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Knowledge and understanding leads to better dementia care

Written by Maryvonne Gray
on August 31, 2022

The first ever graduates of Ryman Healthcare’s dementia care micro-credential have found their ability to care for their residents has been enhanced by their learnings.
The 13 special care workers who recently completed the 16-week Ryman-designed pilot course said they appreciated learning more in-depth information about dementia and the different ways it can affect behaviours in their residents.
The course also emphasised the importance of individualised care, something which Ryman’s Dementia Model of Care is already designed to do.

William Sanders Caregiver Katherine Chen said the comprehensive learning included explanations for why people living with dementia may repeat the same actions or phrases and that in turn helped her to manage how she reacted.
“The most important attribute of the course, I thought, was respecting by understanding, which is especially good for people new to this field,” she said.
“Once we understand the residents, we will know how to take care of them in the best way and help them to maintain their dignity and independence.”
Murray Halberg Caregiver Marielle Daligdig agreed: “Being patient always, speaking with a low tone of voice, slow and calm, and always being respectful is important and reduces agitation.”
Murray Halberg Registered Nurse Karishma Naidu found the training much more in-depth than previous dementia training she had received when completing her nursing qualification, and found it complemented Ryman’s dementia model of care really well.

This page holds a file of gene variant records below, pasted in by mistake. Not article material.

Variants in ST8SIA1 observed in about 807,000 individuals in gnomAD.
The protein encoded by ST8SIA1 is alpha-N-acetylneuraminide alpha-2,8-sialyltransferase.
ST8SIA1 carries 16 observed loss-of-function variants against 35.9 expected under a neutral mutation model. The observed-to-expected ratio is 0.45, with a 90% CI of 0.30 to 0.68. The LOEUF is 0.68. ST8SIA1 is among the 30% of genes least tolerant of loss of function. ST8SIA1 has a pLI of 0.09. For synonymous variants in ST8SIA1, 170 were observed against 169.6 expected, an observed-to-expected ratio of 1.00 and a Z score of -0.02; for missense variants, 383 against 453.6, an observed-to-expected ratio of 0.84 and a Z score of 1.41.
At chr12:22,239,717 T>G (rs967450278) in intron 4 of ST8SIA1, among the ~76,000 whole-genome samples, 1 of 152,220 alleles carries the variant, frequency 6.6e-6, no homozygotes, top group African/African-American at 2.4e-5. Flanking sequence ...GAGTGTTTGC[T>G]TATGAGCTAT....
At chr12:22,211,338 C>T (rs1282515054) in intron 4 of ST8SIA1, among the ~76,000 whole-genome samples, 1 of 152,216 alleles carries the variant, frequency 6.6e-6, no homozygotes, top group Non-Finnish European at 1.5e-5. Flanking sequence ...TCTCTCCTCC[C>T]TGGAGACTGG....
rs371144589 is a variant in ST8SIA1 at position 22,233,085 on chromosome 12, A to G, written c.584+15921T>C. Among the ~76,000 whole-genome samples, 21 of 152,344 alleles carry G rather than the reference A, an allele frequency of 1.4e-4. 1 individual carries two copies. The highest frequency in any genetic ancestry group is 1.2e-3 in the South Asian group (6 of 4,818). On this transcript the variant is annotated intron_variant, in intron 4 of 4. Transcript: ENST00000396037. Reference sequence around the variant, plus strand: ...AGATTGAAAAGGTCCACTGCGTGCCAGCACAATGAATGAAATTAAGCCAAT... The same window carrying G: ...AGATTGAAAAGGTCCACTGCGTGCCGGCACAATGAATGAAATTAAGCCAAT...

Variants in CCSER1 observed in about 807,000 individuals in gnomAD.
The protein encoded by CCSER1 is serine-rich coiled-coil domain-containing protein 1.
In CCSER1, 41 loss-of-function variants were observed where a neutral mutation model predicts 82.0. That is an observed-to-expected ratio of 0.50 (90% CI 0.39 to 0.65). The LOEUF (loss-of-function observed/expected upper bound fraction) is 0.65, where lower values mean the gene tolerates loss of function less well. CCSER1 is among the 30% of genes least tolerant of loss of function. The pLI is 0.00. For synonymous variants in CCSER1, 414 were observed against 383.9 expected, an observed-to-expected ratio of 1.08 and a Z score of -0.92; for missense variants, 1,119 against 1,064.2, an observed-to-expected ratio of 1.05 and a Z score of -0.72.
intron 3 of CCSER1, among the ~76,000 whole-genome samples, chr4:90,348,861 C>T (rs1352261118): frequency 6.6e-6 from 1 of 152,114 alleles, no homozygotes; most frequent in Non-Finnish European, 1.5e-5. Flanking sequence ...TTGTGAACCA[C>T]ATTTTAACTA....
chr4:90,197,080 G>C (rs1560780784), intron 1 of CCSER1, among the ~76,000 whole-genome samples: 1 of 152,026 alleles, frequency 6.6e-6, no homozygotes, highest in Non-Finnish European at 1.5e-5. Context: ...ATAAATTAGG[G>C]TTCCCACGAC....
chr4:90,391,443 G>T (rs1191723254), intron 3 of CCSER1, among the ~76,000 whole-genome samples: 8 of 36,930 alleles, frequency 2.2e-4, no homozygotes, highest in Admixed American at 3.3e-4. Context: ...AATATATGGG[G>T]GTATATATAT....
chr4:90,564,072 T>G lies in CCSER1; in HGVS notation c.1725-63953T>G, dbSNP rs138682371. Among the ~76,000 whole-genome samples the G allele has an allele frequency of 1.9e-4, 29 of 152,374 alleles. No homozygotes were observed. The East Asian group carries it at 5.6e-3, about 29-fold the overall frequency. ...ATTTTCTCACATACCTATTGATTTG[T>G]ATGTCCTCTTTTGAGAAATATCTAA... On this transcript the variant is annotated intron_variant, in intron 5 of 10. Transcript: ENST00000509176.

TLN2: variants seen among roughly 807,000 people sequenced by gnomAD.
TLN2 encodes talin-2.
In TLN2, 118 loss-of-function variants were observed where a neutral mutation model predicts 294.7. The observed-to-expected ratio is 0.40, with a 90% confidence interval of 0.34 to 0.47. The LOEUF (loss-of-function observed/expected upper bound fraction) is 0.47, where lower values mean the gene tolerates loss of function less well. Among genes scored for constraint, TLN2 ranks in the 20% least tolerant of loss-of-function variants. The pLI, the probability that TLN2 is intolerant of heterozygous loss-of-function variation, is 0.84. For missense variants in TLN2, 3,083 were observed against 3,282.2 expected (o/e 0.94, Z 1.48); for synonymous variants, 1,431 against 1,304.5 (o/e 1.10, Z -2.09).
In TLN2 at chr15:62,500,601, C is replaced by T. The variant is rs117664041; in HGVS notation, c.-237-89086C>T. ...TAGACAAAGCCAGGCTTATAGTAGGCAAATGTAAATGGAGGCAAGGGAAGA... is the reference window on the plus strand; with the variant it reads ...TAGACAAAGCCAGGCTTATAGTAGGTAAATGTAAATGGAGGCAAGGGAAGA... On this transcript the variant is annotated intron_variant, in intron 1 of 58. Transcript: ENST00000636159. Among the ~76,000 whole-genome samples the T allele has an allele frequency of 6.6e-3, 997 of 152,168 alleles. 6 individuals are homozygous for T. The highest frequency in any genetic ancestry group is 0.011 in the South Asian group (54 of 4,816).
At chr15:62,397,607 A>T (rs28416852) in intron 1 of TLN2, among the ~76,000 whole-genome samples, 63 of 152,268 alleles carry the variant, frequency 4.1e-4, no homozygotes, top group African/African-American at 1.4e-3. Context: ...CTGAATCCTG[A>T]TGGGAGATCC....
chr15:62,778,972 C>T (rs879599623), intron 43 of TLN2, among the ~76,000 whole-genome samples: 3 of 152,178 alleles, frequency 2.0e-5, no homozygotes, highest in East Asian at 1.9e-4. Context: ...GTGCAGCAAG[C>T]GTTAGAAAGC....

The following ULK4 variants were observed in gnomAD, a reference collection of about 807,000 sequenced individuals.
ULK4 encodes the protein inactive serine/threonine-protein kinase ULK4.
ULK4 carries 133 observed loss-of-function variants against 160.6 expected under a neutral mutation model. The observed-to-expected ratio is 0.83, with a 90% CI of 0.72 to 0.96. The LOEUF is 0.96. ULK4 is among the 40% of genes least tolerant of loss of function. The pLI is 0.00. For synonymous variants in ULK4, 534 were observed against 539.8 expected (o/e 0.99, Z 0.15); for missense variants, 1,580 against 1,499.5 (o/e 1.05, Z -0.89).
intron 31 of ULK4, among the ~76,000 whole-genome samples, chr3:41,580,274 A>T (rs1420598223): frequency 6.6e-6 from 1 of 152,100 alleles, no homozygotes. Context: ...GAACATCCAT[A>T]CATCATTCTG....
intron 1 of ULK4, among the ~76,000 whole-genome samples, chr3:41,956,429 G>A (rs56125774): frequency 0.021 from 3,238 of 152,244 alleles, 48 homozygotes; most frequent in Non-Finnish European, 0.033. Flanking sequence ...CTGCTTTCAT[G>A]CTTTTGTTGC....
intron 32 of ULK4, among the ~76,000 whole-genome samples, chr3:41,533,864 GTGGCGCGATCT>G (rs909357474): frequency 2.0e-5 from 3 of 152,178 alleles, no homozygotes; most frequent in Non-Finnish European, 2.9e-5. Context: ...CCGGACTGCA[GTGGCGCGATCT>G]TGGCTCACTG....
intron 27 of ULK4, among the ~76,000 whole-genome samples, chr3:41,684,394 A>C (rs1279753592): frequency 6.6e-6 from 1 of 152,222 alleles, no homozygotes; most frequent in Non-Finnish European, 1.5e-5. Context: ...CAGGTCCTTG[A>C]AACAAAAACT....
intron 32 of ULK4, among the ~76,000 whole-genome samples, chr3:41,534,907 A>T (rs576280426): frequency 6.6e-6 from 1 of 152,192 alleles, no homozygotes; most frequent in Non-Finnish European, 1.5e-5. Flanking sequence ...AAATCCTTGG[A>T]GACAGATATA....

“First of all, that you treat a resident with dementia as a holistic person, who has needs and feelings and wants to fit into society like the rest of us,” she said.
“Residents who move into Special Care have lost some of their abilities so they struggle with activities of daily living.
“With our focus on strength-based care, we help them to use whatever they’re good at. For example, a resident could be good at singing. So you encourage them to sing which will make them fit in and feel better and able to do things.”
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Activities Coordinator in Special Care at Murray Halberg Reshma Vandhana proudly displays her certificate (above) and (below) with fellow graduates Ravanjit Sidhu and Marielle Daligdig and Karishma Naidu.

IMG_4498 (1) (Large)A key topic the graduates referred to on the course was the ‘reminiscence bump’, which refers to a period in life when people recall the most memories, which usually occurs between the ages of 10 to 30 years.
Knowing this, and being well-informed of the resident’s care plan and personal background, can be integral to all interactions.
“Most of our residents remember events from that time so we try to find things that they like from then, who are the people they love from that time, what society was like then and what kind of music they like,” said Raju Lama, Senior Caregiver at William Sanders.